Driving up the entrance to Peace Presbyterian Church in a quietly secluded area of East Manatee County, a clean, stately building surrounded by a lake and lush landscaping emotes a feeling of peace.
Whether it emanates from the building, which once housed a ministry that serviced the blind, to the simple-yet-cozy chapel that the congregation has outgrown, to the pastor who founded the church in 2006 with her husband, Peace Presbyterian Church is a special place that embraces relationships, family, tolerance of opinions, community and above all, love.
The church is housed in a 15,000- square-foot building on 25 tranquil acres along State Road 64 East, past Lakewood Ranch on property once owned by Tropicana founder Anthony T. Rossi, who purchased the building for religious pursuits. After starting as a small worship group that met at State College of Florida and then moved to the Manatee Association of Realtors headquarters in Lake
wood Ranch, Peace Presbyterian Church settled in its current East Manatee location and has steadily grown to 285 members from all walks of life.
Next year will be an exciting time for Peace Church, as plans are under way to begin construction of a new $1.5 million, 400-seat sanctuary next to the current building, which will help accommodate church members who are now squeezed into the small chapel.
"We treasure authentic relationships. What people really want is to know, be known and be loved. If you come and find the friendship we all believe in but don't often discover, that's very important," said the Rev. Elizabeth M. Deibert, founder and pastor of Peace Presbyterian Church, who leads with the elders of the church's governing body.
Deibert, who grew up in a small town in North Carolina where close relationships were valued, said she got her calling to become an ordained minister when she was in college and studying music. She eventually married, had a family, and started her first church in Montgomery, Ala., with her husband ,Richard, who is also an ordained minister and a hospice physician. The couple, whose children are grown with the exception of a son who attends Lakewood Ranch High School, moved to Southwest Florida in 2005, and shortly afterward, started Peace Presbyterian. The church has attracted members of all ages and backgrounds, including a growing number of families because the church places high value on youth participation through creative approaches to Sunday School, active fellowship youth groups, and a family ministry.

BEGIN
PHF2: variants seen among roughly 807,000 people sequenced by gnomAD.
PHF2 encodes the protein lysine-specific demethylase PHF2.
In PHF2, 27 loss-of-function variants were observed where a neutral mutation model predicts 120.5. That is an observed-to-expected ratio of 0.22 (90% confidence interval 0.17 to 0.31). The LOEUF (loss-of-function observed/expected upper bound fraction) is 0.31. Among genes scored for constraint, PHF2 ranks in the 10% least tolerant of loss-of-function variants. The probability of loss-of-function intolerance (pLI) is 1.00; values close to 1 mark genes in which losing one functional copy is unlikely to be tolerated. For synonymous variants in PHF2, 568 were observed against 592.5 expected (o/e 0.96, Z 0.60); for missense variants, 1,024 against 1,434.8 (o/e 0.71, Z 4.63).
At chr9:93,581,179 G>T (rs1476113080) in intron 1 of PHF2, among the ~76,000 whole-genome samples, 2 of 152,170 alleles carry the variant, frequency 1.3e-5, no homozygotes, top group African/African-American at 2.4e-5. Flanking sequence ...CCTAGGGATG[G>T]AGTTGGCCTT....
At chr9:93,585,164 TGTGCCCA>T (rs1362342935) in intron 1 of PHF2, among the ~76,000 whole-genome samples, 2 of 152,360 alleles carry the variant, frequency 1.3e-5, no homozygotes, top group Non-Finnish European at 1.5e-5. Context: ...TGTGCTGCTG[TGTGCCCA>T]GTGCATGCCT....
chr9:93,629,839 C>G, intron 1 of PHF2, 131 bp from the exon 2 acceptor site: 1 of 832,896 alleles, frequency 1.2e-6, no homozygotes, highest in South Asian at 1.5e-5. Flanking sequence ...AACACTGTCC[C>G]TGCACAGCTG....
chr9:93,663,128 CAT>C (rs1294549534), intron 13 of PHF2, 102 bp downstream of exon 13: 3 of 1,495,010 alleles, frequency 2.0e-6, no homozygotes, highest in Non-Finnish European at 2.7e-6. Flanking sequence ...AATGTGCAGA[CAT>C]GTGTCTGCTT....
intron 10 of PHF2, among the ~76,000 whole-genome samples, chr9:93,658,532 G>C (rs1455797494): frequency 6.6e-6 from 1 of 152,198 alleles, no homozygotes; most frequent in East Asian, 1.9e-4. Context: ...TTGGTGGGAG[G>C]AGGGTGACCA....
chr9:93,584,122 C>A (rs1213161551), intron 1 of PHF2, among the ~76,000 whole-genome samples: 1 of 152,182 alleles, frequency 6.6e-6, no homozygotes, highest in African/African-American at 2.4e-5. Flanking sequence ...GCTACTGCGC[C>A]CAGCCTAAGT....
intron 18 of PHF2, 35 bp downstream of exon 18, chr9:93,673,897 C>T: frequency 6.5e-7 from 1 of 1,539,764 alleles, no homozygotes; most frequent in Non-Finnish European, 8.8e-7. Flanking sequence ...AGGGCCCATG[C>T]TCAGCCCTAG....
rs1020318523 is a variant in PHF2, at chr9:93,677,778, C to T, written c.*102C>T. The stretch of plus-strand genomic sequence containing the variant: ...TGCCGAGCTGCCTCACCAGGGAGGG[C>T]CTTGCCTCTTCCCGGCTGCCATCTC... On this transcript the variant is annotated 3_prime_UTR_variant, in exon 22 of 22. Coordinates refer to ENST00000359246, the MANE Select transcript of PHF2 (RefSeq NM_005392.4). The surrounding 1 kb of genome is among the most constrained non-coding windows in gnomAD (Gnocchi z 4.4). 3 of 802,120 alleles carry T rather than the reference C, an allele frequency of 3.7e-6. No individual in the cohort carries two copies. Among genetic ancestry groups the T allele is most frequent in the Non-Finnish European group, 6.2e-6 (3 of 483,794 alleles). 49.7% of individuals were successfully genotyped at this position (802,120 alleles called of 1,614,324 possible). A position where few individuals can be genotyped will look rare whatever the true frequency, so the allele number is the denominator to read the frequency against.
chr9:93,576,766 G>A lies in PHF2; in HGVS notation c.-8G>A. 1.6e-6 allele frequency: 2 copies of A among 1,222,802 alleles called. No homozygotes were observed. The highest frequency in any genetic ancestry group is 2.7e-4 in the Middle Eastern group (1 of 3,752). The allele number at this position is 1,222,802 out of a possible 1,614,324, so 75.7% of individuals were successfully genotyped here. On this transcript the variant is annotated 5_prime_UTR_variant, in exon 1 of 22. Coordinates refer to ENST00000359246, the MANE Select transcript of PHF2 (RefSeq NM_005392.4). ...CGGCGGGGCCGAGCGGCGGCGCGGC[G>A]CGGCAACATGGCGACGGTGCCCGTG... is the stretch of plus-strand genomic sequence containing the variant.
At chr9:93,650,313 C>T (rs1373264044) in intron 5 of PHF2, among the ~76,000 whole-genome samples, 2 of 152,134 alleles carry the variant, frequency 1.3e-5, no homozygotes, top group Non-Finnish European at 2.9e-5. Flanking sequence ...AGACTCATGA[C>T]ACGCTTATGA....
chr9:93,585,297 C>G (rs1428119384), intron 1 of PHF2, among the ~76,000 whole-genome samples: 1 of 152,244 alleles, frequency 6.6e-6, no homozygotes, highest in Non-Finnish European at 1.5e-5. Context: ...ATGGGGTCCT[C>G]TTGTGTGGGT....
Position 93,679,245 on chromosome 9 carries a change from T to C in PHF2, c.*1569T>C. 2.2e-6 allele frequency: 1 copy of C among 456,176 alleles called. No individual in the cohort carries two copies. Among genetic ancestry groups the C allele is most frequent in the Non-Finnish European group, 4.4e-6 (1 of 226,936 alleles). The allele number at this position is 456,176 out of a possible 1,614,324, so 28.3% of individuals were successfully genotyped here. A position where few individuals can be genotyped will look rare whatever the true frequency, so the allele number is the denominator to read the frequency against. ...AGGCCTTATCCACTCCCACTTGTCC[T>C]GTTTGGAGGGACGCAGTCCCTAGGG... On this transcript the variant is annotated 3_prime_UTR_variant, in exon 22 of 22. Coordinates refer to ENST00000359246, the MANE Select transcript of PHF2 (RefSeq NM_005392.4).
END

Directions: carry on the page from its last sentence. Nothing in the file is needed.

"Our services are rooted in tradition but they are relevant to modern culture, and not formal. We actually encourage conversation. I'll ask a question during my sermon and oftentimes, members will respond. That's just the sort of give-and-take we have," said Deibert, who has been known to play a trumpet and piano during Sunday services where traditional communion is served and open confession is performed for God's recognition and healing.
"Elizabeth is a big part of the reason why I am here with my family. She has a certain enthusiasm and feel for people that's hard to achieve," said David Thornton, a Bradenton lawyer whose wife discovered the church a few years ago, after they adopted three children. Thornton, who was never a regular churchgoer growing up, volunteers with the youth group and said his experience at Peace Presbyterian Church is unique.
"This church seems to be a notch above what I experienced in the past. My wife had the goal of wanting our children to experience religion and I was skeptical at first. There's a certain acceptance of people's viewpoints. We all have our faults, but here we acknowledge them and accept them. That's what I feel," said Thornton, who said he enjoys Deibert's sermons because they are relevant to everyday life, positive and rooted in scripture.
"We welcome all people and we do not let social issues dominate our life together. We have careful conversations devoid of negative energy and we're willing to listen to differences of opinions and learn from one another," Deibert said about the feeling of acceptance the church carefully nurtures.
Kathryn Moschella, Lakewood Ranch reporter can be reached at 941-745-7010. Follow her on Twitter @MoschellaHerald.